Agency will allow the use of any method, whether it constitutes a 
voluntary consensus standard or not, that meets the monitoring and 
measurement criteria discussed in the final SMMP.

(10) Executive Order 12898: Federal Actions To Address Environmental 
Justice in Minority Populations and Low Income Populations

    Executive Order (EO) 12898 (59 FR 7629) establishes federal 
executive policy on environmental justice. Its main provision directs 
federal agencies, to the greatest extent practicable and permitted by 
law, to make environmental justice part of their mission by identifying 
and addressing, as appropriate, disproportionately high and adverse 
human health or environmental effects of their programs, policies, and 
activities on minority populations and low-income populations in the 
United States. EPA determined that this final rule will not have 
disproportionately high and adverse human health or environmental 
effects on minority or low-income populations because it does not 
affect the level of protection provided to human health or the 
environment. EPA assessed the overall protectiveness of designating the 
final disposal Site against the criteria established pursuant to the 
MPRSA to ensure that any adverse impact on the environment will be 
mitigated to the greatest extent practicable.

(11) Congressional Review Act

    The Congressional Review Act (CRA), 5 U.S.C. 801 et seq., as added 
by the Small Business Regulatory Enforcement Fairness Act of 1996, 
generally provides that before a rule may take effect, the agency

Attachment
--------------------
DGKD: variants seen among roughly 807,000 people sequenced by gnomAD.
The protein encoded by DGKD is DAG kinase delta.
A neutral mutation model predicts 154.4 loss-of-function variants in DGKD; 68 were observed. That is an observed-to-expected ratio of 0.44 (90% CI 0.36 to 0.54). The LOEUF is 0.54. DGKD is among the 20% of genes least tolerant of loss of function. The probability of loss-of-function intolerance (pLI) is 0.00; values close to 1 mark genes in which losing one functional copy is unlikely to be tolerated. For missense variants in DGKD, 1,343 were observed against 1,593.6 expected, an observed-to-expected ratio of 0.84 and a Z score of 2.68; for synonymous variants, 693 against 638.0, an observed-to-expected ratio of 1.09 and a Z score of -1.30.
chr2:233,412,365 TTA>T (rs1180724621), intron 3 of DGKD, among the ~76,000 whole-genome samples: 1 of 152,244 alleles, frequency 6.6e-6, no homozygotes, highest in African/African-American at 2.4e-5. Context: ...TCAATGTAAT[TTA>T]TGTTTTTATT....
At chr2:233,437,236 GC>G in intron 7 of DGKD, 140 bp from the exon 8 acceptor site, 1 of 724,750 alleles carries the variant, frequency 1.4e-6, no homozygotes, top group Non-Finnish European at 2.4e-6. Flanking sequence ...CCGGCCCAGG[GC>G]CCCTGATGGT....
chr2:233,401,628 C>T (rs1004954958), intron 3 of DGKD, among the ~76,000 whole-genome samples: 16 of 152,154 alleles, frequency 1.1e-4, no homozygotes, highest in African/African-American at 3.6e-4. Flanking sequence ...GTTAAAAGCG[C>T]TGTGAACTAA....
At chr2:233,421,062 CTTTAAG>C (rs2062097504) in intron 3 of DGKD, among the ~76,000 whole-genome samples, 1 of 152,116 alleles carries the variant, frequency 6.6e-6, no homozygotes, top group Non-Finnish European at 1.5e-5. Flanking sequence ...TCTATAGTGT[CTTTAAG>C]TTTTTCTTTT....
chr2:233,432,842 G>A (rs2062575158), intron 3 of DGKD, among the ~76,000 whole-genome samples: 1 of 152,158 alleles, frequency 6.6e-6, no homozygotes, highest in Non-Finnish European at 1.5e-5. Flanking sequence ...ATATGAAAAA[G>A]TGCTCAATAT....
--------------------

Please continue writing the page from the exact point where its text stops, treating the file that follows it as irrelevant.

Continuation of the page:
promulgating the rule must submit a rule report, which includes a copy 
of the rule, to each House of the Congress and to the Comptroller 
General of the United States. EPA will submit a report containing this 
rule and other required information to the U.S. Senate, the U.S. House 
of Representatives, and the Comptroller General of the United States 
prior to publication of the rule in the Federal Register. A major rule 
cannot take effect until 60 days after it is published in the Federal 
Register. This action is not a ``major rule'' as defined by 5 U.S.C. 
804(2). This rule will be effective thirty days from the date of 
publication in the Federal Register.

List of Subjects in 40 CFR Part 228

    Environmental protection, Water pollution control.

    Authority:  This action is issued under the authority of Section 
102 of the Marine Protection, Research, and Sanctuaries Act, as 
amended, 33 U.S.C. 1401, 1411, 1412.

[[Page 17414]]

    Dated: April 3, 2009.
Michelle L. Pirzadeh,
Acting Regional Administrator, Region 10.

For the reasons set out in the preamble, chapter I of title 40 of the 
Code of Federal Regulations is amended as set forth below:


1. The authority citation for part 228 continues to read as follows:

    Authority:  33 U.S.C. Sections 1412 and 1418

2. Section 228.15 is amended by adding paragraph (n)(6) to read as 

Sec.  228.15  Dumping sites designated on a final basis.

* * * * *
    (n) * * *
    (6) Rogue River, OR--Dredged Material Site
    (i) Location: 42[deg] 24'15.40'' N, 124[deg] 26'52.39'' W; 42[deg] 
24'03.40'' N, 124[deg] 26'39.39'' W; 42[deg] 23'39.40'' N, 124[deg] 
27'17.40'' W; 42[deg] 23'51.40'' N, 124[deg] 27'30.40'' W (NAD 83)
    (ii) Size: Approximately 1.1 kilometers long and 0.4 kilometers 
    (iii) Depth: Ranges from approximately 15 to 27 meters
    (iv) Primary Use: Dredged material
    (v) Period of Use: Continuing Use
    (vi) Restrictions: (A) Disposal shall be limited to dredged 
material determined to be suitable for ocean disposal according to 40 
CFR 227.13, from the Rogue River navigation channel and adjacent areas;
    (B) Disposal shall be managed by the restrictions and requirements 
contained in the currently-approved Site Management and Monitoring Plan 
    (C) Monitoring, as specified in the SMMP, is required.
* * * * *
[FR Doc. E9-8660 Filed 4-14-09; 8:45 am]